NASA unveiled the design of its long-awaited post-shuttle super rocket Wednesday, a gargantuan Saturn 5-class booster intended to propel the agency’s manned Orion crew capsules beyond low-Earth orbit and onto a variety of deep space destinations ranging from nearby asteroids to Mars.
If fully funded and developed, it will be the most powerful rocket ever built, dwarfing the lift capability of the space shuttle and exceeding that of the mighty Saturn 5 that propelled the Apollo missions to the moon.
“This launch system will create good-paying American jobs, ensure continued U.S. leadership in space and inspire millions around the world,” NASA Administrator Charles Bolden said in a statement. “President Obama challenged us to be bold and dream big, and that’s exactly what we are doing at NASA. While I was proud to fly on the space shuttle, tomorrow’s explorers will now dream of one day walking on Mars.”
The initial version of the heavy-lift rocket will feature two five-segment shuttle-derived solid-fuel boosters strapped to a 27.5-foot-wide first stage powered by three RS-25D/E shuttle main engines. The second stage will use an upgraded Apollo J-2X engine, giving the Space Launch System — SLS — rocket the ability to lift 154,000 pounds of payload with a first stage thrust of 8.25 million pounds.
An upgraded version equipped with five shuttle main engines will have a liftoff thrust of some 9 million pounds and be able to loft more than 130 metric tons, or 286,000 pounds, to low-Earth orbit.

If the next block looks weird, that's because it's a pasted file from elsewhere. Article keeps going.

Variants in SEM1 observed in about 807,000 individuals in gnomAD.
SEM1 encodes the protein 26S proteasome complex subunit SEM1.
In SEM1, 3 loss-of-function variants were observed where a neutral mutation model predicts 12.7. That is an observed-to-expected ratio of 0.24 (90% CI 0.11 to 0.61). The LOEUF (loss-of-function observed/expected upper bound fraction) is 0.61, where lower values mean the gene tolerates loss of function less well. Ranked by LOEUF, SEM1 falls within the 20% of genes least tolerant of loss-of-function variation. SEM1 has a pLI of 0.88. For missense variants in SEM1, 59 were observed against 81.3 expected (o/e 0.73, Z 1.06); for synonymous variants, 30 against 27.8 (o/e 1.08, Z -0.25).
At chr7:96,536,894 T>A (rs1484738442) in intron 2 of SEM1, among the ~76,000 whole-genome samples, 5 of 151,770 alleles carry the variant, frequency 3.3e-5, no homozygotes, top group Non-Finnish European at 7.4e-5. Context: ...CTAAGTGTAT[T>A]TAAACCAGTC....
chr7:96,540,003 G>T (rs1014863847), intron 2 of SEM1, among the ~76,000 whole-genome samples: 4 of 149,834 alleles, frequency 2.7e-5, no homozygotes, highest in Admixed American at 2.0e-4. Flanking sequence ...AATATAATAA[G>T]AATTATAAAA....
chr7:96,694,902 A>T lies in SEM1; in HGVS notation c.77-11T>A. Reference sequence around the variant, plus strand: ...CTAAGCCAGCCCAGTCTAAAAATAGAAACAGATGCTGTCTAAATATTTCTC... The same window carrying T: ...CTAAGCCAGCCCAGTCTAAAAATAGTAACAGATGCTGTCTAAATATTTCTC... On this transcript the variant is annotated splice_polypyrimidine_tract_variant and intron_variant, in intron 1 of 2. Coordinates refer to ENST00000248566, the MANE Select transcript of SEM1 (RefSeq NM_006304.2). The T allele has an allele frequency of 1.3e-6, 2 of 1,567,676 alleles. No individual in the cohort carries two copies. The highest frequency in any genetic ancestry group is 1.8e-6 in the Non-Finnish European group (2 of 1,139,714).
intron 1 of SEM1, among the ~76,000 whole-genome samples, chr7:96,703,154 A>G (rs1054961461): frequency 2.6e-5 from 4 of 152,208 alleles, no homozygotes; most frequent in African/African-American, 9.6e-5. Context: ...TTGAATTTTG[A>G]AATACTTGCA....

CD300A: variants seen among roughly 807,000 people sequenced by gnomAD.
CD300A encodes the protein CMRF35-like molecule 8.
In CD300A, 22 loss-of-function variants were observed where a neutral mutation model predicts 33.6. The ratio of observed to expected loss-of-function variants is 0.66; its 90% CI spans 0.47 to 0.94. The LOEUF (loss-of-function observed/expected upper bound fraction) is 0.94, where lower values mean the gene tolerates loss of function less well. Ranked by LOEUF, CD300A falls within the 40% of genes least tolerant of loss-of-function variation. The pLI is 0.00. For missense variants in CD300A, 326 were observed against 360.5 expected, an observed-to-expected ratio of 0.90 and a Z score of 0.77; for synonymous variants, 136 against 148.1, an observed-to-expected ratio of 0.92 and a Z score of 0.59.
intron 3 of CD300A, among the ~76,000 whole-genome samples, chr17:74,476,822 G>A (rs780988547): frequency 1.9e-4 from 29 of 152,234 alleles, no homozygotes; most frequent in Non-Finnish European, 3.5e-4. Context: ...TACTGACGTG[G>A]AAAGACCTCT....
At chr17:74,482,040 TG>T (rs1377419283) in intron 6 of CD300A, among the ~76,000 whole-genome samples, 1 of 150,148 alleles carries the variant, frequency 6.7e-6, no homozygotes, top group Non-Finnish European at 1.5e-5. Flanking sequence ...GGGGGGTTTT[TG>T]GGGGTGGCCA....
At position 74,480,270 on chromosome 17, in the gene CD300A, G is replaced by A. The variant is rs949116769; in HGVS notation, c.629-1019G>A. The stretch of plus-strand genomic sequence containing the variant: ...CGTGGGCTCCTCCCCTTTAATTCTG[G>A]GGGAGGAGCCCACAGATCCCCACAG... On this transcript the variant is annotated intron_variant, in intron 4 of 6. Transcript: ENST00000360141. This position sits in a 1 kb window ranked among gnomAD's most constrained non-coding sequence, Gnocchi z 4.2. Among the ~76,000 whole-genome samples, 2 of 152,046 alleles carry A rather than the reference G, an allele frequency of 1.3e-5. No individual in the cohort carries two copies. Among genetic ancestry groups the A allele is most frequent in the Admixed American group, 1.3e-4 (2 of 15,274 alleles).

For comparison, the Saturn 5 rockets that powered the Apollo moon program stood 363 feet tall, generated 7.5 million pounds of first-stage thrust and were capable of boosting 263,000 pounds of payload to low-Earth orbit. The space shuttle, not counting its own weight, could carry a maximum payload of about 50,000 pounds.
Bill Gerstenmaier, NASA’s chief of space operations, said the agency plans one or two unmanned test flights, the first in 2017, using five-segment solid-fuel strap on boosters built by Alliant Techsystems Inc., builder of the shuttle’s four-segment boosters and the bigger five-segment rockets intended for the now-canceled Constellation moon program.
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